4 doctors weighed in:

What causes endometriosis to develop in rectal area?

4 doctors weighed in
Dr. Cindy Mosbrucker
Obstetrics & Gynecology - Urogynecology
2 doctors agree

In brief: Genetics

We are now learning that genes have a significant role in determining who gets endo, and how severe it is.
Somewhere between 10-20% of women with endo have bowel involvement. Rectal and sigmoid locations are the most frequent sites for bowel endo, and it causes pain with bms all month long. You usually can't see endo on colonoscopy so many women arent diagnosed by GI docs to whom they're referred.

In brief: Genetics

We are now learning that genes have a significant role in determining who gets endo, and how severe it is.
Somewhere between 10-20% of women with endo have bowel involvement. Rectal and sigmoid locations are the most frequent sites for bowel endo, and it causes pain with bms all month long. You usually can't see endo on colonoscopy so many women arent diagnosed by GI docs to whom they're referred.
Dr. Cindy Mosbrucker
Dr. Cindy Mosbrucker
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Dr. Nicholas Fogelson
Totally agree. Colonoscopy is very unreliable when it comes to diagnosing endometriosis. I have had patients who bled from their rectum on a monthly basis because of endometriosis growing through the wall of their bowel, only to have a "negative" colonoscopy. When a patient has these symptoms, they have bowel endometriosis irrespective of the colonscopy findings.
Dr. John Jarrett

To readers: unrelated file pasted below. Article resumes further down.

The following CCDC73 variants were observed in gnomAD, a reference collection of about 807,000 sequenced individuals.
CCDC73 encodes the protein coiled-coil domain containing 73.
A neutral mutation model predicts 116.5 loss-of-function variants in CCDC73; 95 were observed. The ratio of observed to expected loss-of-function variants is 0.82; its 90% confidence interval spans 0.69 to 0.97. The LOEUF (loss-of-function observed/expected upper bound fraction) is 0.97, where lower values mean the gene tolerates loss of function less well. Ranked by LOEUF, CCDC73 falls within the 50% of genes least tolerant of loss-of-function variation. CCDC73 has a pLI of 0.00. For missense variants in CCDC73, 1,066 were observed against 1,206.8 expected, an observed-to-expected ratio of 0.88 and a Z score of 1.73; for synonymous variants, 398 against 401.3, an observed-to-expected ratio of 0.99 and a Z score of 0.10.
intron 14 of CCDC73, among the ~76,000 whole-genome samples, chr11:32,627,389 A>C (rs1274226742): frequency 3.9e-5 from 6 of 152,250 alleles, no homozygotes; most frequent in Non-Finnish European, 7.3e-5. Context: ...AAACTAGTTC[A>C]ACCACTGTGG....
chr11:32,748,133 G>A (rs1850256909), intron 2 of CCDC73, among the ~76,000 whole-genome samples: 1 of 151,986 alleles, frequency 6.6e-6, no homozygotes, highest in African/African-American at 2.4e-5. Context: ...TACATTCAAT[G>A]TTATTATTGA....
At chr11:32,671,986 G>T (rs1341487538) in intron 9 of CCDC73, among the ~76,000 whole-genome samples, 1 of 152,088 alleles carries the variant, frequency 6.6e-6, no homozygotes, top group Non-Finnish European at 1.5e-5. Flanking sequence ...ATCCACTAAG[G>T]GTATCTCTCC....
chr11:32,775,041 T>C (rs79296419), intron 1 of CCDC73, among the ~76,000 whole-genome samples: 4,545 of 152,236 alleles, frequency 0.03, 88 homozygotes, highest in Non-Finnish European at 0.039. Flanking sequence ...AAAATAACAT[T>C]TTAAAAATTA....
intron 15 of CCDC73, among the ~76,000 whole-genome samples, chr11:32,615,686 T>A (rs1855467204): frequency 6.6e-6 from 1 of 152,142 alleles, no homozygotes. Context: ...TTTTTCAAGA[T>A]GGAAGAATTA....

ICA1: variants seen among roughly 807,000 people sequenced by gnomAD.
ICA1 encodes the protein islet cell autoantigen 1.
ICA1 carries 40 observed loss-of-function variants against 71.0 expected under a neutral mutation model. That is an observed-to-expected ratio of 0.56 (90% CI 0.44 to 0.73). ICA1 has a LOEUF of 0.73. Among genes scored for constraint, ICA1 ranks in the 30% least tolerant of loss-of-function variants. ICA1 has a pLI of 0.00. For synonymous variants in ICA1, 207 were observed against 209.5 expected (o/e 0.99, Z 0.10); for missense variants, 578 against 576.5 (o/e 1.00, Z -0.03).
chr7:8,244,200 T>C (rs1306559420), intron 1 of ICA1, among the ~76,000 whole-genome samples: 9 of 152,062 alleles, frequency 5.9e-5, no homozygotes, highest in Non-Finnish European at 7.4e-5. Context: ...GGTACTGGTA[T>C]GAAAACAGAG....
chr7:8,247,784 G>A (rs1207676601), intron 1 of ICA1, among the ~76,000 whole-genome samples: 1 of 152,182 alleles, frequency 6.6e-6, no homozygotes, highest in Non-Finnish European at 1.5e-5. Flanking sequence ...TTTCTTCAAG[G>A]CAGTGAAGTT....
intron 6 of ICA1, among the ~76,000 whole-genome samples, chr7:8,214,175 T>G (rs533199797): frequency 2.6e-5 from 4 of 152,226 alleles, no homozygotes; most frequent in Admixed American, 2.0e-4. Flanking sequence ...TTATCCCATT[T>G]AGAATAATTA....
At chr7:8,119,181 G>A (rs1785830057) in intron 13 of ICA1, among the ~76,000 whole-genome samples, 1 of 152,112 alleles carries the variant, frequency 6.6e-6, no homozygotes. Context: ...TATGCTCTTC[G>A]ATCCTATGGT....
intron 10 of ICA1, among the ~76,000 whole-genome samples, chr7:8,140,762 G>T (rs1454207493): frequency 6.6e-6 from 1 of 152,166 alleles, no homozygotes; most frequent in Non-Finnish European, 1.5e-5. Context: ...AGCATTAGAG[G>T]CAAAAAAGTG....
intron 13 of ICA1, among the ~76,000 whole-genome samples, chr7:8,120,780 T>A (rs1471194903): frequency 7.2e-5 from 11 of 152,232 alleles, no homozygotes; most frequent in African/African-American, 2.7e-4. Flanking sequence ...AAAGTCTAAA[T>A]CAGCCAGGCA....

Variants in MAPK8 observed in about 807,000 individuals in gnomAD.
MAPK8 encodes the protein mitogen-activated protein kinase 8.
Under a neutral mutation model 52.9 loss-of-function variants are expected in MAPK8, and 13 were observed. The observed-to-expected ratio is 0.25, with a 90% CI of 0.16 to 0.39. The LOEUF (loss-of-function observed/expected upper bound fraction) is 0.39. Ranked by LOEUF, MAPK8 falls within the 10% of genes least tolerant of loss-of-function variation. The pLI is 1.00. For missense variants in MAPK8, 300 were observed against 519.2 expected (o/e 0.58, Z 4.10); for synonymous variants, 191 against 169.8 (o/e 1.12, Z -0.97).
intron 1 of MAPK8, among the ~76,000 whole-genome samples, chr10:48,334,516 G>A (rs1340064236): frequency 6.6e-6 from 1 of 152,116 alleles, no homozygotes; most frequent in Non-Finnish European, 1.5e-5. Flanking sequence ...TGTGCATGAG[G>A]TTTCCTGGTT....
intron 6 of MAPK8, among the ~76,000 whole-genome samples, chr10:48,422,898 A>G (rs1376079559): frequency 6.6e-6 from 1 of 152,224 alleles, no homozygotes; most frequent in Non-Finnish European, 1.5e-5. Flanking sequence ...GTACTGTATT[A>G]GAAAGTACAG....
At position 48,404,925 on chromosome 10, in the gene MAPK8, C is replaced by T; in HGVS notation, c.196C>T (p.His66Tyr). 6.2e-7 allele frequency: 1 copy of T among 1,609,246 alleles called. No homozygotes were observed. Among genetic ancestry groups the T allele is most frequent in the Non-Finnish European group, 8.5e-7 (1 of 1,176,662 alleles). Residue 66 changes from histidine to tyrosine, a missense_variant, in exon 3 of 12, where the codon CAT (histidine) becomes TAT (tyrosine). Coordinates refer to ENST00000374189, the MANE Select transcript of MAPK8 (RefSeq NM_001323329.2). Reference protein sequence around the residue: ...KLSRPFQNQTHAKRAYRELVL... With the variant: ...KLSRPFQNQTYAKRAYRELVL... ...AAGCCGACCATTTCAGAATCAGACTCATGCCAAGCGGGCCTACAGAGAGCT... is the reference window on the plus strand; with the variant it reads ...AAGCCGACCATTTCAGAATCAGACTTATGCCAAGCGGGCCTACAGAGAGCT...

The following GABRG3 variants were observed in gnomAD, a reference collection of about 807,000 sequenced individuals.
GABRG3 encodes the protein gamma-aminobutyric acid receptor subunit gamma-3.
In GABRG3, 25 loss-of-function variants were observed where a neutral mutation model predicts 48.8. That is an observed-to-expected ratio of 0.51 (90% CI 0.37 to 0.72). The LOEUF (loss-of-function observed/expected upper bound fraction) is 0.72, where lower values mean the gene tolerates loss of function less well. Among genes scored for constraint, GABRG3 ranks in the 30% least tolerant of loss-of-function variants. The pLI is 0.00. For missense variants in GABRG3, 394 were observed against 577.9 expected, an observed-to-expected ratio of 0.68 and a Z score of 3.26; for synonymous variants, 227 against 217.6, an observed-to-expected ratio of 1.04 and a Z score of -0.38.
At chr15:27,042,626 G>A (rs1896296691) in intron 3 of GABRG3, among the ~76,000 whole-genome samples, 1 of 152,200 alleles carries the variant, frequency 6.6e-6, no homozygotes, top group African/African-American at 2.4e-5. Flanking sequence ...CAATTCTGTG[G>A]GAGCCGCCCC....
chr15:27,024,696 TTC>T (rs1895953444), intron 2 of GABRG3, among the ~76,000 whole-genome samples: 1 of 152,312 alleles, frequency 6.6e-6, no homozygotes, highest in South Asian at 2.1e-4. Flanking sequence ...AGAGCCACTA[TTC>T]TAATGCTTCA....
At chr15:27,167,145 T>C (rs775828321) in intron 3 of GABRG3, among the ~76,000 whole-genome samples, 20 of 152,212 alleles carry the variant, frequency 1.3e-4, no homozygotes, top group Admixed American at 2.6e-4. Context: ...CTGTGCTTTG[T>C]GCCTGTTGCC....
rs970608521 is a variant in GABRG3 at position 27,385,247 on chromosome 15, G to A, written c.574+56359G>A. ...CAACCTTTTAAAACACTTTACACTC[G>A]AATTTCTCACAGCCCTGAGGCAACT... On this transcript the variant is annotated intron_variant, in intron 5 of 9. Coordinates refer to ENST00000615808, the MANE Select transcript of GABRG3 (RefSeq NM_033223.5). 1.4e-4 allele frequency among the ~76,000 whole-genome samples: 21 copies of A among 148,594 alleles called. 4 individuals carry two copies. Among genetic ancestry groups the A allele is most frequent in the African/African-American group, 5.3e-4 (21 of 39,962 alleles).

Fertility Medicine
1 doctor agrees

In brief: It can be anywhere

One of the main theories as to the cause of endometriosis is the flow of menstrual fluid through the fallopian tubes at the time of the menses.
If that fluid, and those cells, fall into the area of the rectum, the cells can implant and grow in that area.

In brief: It can be anywhere

One of the main theories as to the cause of endometriosis is the flow of menstrual fluid through the fallopian tubes at the time of the menses.
If that fluid, and those cells, fall into the area of the rectum, the cells can implant and grow in that area.
Dr. John Jarrett
Dr. John Jarrett
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Dr. Nicholas Fogelson
The answer to this is not entirely known. Retrograde menstruated blood will collect in the cul de sac and therefore in the area of the rectum, and over time through recurrent inflammation may invade into the wall. There are other theories as well, such as spontaneous conversion of typical peritoneal cells into endometriosis cells through a process called metaplasia.
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